Oil prices edged lower in Asian trading Thursday after a U.S. government report showed gasoline stocks rose nearly twice as much as expected last week.
The U.S. Energy Information Administration reported Wednesday that gasoline stocks grew 1.5 million barrels last week to 196.7 million barrels. Analysts had forecast a rise of about 800,000 barrels. Crude oil supplies rose 2 million barrels to 344.2 million barrels, just above the upper end of the average for this time of year. Analysts had predicted a fall of 200,000 barrels.
Distillate inventories, which include heating oil and diesel fuel, edged up 500,000 barrels to 120.3 million barrels, falling short of analysts' estimate of a rise of 900,000 barrels. Distillate stocks remain just below the upper end of the average for this time of year.
Light, sweet crude for July delivery dropped 8 cents to US$65.69 a barrel on the New York Mercantile Exchange midmorning in Singapore. The contract rose 26 cents to settle at US$65.77 a barrel Wednesday.
"The market is just looking at gasoline, and crude oil prices are tracking the gasoline market," said Tetsu Emori, chief commodities strategist with Mitsui Bussan Futures in Tokyo.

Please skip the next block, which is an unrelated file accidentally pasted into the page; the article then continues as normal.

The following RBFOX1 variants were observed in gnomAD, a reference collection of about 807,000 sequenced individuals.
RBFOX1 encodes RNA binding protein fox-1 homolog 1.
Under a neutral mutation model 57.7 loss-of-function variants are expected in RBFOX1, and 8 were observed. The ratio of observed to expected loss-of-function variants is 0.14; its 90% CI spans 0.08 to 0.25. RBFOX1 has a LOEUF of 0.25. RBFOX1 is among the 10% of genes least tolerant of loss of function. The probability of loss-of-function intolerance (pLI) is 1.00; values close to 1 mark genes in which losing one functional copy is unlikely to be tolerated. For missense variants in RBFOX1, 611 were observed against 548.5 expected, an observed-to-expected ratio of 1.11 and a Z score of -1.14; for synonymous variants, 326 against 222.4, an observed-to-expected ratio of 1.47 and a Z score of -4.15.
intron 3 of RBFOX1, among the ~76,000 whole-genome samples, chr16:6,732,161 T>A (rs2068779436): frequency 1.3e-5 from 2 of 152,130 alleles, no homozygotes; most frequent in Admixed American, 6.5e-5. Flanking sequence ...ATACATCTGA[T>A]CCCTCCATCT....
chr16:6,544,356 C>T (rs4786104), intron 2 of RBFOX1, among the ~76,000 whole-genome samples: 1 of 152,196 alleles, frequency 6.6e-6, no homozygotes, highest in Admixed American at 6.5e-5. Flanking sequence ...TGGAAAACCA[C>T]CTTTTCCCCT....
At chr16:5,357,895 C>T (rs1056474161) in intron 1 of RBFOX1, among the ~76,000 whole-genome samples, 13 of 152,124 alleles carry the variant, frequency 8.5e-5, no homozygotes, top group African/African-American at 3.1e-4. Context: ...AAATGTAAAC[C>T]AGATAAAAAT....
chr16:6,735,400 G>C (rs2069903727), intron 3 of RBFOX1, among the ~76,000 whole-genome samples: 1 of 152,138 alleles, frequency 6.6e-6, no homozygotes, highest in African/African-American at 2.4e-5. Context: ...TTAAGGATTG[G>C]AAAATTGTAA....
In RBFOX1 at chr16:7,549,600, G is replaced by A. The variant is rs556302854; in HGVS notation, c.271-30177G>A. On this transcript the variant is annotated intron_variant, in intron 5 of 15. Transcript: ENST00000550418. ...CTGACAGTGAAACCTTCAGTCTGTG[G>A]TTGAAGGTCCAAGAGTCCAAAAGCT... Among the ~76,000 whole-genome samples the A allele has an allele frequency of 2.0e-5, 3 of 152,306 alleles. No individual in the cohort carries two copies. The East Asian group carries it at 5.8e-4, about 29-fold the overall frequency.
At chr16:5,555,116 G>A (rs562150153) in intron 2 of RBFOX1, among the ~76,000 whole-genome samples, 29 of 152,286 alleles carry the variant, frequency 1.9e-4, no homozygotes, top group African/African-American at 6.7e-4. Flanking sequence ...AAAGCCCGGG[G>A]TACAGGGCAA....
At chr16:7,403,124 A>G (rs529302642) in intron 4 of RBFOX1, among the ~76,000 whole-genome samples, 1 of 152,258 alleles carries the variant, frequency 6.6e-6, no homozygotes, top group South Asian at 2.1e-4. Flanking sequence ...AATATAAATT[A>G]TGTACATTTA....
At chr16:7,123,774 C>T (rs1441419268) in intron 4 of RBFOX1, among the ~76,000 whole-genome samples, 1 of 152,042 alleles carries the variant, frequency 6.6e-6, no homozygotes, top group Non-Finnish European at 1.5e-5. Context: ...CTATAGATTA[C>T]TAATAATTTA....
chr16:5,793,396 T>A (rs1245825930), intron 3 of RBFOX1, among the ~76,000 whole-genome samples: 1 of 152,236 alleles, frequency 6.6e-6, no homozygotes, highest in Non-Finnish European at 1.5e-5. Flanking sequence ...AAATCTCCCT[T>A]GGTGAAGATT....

Prices were supported, despite the rising gasoline stockpile, by concerns that supplies will be stretched as more vehicles hit U.S. roads during the Northern Hemisphere summer. The so-called U.S. driving season starts with the coming long Memorial Day weekend.
"Gasoline demand is still high, much higher than the last few years," Emori said. "This is a problem, so (the U.S.) will have to do a few things: push down demand, increase the domestic gasoline production at U.S. refineries and also increase the import of gasoline from overseas."
News that Iran has expanded its uranium enrichment program, and that the U.S. Navy is holding unannounced exercises off Iran's coast, also buoyed crude prices.
The U.S. Navy staged a show of military force in the Persian Gulf Wednesday, just two days before direct U.S.-Iran talks in Baghdad. Traders and analysts fear any conflict with Iran could result in the closure of the Strait of Hormuz and cut off about 40 percent of the world's exports.
In other Nymex trading, heating oil futures rose a tad to US$1.9330 a gallon (3.8 liters) while natural gas prices gained 1.5 cents to US$7.772 per 1,000 cubic feet.
To understand how China will act, one must understand the logic of China's development. This logic has always been almost the same, be it the Middle Ages, or modern times